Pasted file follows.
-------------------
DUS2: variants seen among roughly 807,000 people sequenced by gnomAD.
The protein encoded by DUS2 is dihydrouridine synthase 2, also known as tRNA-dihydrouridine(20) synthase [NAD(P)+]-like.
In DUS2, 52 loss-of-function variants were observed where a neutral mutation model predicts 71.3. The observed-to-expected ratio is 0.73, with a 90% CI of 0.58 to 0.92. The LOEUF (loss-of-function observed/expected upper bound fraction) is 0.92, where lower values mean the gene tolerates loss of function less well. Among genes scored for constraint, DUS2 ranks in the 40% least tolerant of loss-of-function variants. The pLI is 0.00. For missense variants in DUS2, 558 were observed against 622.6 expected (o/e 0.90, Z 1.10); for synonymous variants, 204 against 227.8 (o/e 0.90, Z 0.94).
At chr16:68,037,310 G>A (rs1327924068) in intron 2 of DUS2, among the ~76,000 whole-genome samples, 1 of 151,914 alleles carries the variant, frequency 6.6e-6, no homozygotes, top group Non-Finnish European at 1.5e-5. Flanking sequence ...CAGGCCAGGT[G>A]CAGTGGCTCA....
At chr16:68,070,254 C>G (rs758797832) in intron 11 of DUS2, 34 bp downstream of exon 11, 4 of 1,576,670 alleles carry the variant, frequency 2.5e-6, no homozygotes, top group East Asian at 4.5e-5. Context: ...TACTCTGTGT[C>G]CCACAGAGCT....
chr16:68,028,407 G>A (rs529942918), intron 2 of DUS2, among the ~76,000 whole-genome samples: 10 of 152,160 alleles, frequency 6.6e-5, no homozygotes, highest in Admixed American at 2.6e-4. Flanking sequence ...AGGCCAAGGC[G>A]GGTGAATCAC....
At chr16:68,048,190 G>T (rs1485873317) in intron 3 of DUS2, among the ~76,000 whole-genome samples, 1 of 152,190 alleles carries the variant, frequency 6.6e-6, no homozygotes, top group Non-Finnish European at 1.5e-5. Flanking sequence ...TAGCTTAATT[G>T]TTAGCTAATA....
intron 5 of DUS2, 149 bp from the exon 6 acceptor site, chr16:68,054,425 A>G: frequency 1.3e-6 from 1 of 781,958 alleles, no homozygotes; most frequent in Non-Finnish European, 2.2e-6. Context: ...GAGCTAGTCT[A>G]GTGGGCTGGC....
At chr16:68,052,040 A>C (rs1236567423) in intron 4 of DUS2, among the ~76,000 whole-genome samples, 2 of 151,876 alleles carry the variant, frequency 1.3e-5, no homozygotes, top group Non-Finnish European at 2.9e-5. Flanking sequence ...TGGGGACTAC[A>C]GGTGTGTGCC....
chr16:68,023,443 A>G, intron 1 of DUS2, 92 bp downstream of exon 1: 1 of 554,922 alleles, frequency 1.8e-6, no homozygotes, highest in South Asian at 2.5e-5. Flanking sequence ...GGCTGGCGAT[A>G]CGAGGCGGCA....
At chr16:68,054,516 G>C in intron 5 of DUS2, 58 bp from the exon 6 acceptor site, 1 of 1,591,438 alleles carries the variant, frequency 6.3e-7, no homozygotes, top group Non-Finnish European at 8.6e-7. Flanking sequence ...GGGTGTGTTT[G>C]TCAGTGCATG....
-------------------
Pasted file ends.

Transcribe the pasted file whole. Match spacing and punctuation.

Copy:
DUS2: variants seen among roughly 807,000 people sequenced by gnomAD.
The protein encoded by DUS2 is dihydrouridine synthase 2, also known as tRNA-dihydrouridine(20) synthase [NAD(P)+]-like.
In DUS2, 52 loss-of-function variants were observed where a neutral mutation model predicts 71.3. The observed-to-expected ratio is 0.73, with a 90% CI of 0.58 to 0.92. The LOEUF (loss-of-function observed/expected upper bound fraction) is 0.92, where lower values mean the gene tolerates loss of function less well. Among genes scored for constraint, DUS2 ranks in the 40% least tolerant of loss-of-function variants. The pLI is 0.00. For missense variants in DUS2, 558 were observed against 622.6 expected (o/e 0.90, Z 1.10); for synonymous variants, 204 against 227.8 (o/e 0.90, Z 0.94).
At chr16:68,037,310 G>A (rs1327924068) in intron 2 of DUS2, among the ~76,000 whole-genome samples, 1 of 151,914 alleles carries the variant, frequency 6.6e-6, no homozygotes, top group Non-Finnish European at 1.5e-5. Flanking sequence ...CAGGCCAGGT[G>A]CAGTGGCTCA....
At chr16:68,070,254 C>G (rs758797832) in intron 11 of DUS2, 34 bp downstream of exon 11, 4 of 1,576,670 alleles carry the variant, frequency 2.5e-6, no homozygotes, top group East Asian at 4.5e-5. Context: ...TACTCTGTGT[C>G]CCACAGAGCT....
chr16:68,028,407 G>A (rs529942918), intron 2 of DUS2, among the ~76,000 whole-genome samples: 10 of 152,160 alleles, frequency 6.6e-5, no homozygotes, highest in Admixed American at 2.6e-4. Flanking sequence ...AGGCCAAGGC[G>A]GGTGAATCAC....
At chr16:68,048,190 G>T (rs1485873317) in intron 3 of DUS2, among the ~76,000 whole-genome samples, 1 of 152,190 alleles carries the variant, frequency 6.6e-6, no homozygotes, top group Non-Finnish European at 1.5e-5. Flanking sequence ...TAGCTTAATT[G>T]TTAGCTAATA....
intron 5 of DUS2, 149 bp from the exon 6 acceptor site, chr16:68,054,425 A>G: frequency 1.3e-6 from 1 of 781,958 alleles, no homozygotes; most frequent in Non-Finnish European, 2.2e-6. Context: ...GAGCTAGTCT[A>G]GTGGGCTGGC....
At chr16:68,052,040 A>C (rs1236567423) in intron 4 of DUS2, among the ~76,000 whole-genome samples, 2 of 151,876 alleles carry the variant, frequency 1.3e-5, no homozygotes, top group Non-Finnish European at 2.9e-5. Flanking sequence ...TGGGGACTAC[A>C]GGTGTGTGCC....
chr16:68,023,443 A>G, intron 1 of DUS2, 92 bp downstream of exon 1: 1 of 554,922 alleles, frequency 1.8e-6, no homozygotes, highest in South Asian at 2.5e-5. Flanking sequence ...GGCTGGCGAT[A>G]CGAGGCGGCA....
At chr16:68,054,516 G>C in intron 5 of DUS2, 58 bp from the exon 6 acceptor site, 1 of 1,591,438 alleles carries the variant, frequency 6.3e-7, no homozygotes, top group Non-Finnish European at 8.6e-7. Flanking sequence ...GGGTGTGTTT[G>C]TCAGTGCATG....